‘The greatest weapon against stress is our ability to choose one thought over another’ William James
Over the past two weeks Dawn and Kathy have been exploring some of the effects that lockdown has had both on our patterns of working as therapists – virtual therapy and the greater intimacy and informality it creates – but also the anxiety that we have all been experiencing.
Now as lockdown moves on another stage, without knowing what lies ahead, we do know that certain things are happening. The average number of COVID cases and deaths is decreasing. We are able to move around more and to see old friends again. Shops are opening, even if for much of our shopping we may prefer to stay online. But even as some of these statistics point firmly in a downward direction, others will be rising.
Some of those like unemployment and part-time working and the resultant need for food banks may be relatively easy to measure but others will only emerge, so we are told, over a much longer time frame. Educational opportunities have been severely disrupted as have people referring themselves to medical professionals. Break ups of relationships look as if they will be on the increase – the pressure of being together in a confined space for a long period of time has brought to the surface those underlying problems in the relationship that have been dormant for some time. And all of these add up to a widely anticipated increase in the levels of stress and mental ill health – all of which come into our counselling rooms, even if our clients at least initially fail to recognise them.
On reflecting on that quotation from William James it is clear that recognition and awareness must be a first step in handling these new stresses. Denial is perhaps the greatest enemy of a positive therapeutic intervention both for the individual and the couple. Of course for some clients medical help may be required if the stress is triggering things that therapy in itself cannot help with but for many the simple recognition of what is going on for them is the necessary precursor to change.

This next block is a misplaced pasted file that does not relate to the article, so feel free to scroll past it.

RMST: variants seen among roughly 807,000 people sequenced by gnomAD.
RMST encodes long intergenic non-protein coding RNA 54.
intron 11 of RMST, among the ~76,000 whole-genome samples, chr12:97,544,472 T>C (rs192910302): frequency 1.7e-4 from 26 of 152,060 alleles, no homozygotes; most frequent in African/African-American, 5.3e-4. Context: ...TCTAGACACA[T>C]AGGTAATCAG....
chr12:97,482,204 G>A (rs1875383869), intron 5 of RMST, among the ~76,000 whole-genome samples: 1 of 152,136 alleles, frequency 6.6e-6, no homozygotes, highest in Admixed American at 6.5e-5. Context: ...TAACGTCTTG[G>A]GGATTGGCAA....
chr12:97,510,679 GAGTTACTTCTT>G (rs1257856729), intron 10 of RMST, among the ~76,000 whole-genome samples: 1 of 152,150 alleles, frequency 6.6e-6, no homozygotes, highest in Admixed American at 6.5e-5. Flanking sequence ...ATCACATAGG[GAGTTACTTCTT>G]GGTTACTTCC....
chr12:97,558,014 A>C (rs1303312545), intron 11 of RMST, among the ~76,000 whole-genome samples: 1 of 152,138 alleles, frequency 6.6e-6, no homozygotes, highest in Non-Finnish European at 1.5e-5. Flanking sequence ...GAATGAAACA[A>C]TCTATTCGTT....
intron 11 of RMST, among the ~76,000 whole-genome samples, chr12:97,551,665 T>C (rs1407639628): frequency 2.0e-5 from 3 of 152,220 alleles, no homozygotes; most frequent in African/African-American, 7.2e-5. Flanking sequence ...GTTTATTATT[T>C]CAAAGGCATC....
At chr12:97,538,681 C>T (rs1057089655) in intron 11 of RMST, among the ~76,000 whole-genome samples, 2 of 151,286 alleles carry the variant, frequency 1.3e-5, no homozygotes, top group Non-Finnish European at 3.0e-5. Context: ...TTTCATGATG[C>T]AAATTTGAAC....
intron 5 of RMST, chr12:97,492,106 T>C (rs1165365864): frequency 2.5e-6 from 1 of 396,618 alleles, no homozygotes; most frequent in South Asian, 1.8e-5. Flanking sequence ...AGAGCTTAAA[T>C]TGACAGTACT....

Having become aware and acknowledged the stress – alongside that will be the need for clients to see that self-care is essential in reducing that stress. We cannot always change the external stressor – for example the pandemic – but we can change our response to it. Physically we need to look after ourselves, eating healthily, taking exercise, hydration (not always of the alcoholic type!) and getting sleep. We need to do activities that help us to relax – games, chatting, exercise, having a bath or reading a book. And we need to challenge those unhelpful thought patterns and ruminations in our brain. Download a mindfulness app – Headspace or Calm to help us stay centred in the moment and let our thoughts come and go.
For the couple alongside awareness and the process of making choices will be the crucial task of spending time and energy in communication with one another. When under stress it is so easy to assume that our partner both knows what we are thinking and that they agree with the choices that we are making.
Here at Coupleworks we experience on a daily basis in our therapy rooms both physically and emotionally just how destructive such assumptions can be. Our ability to counteract stress does indeed lie in being able to choose one thought over another and that will be of vital importance as we care for ourselves and learn to live in new ways post-lockdown. But of equal importance for our relationships will be to acknowledge firstly to ourselves but then to our partner the ways in which the stress is affecting our lives. A couple relationship can be a source of distress but also comfort and strength as we support and care for each other during these challenging times.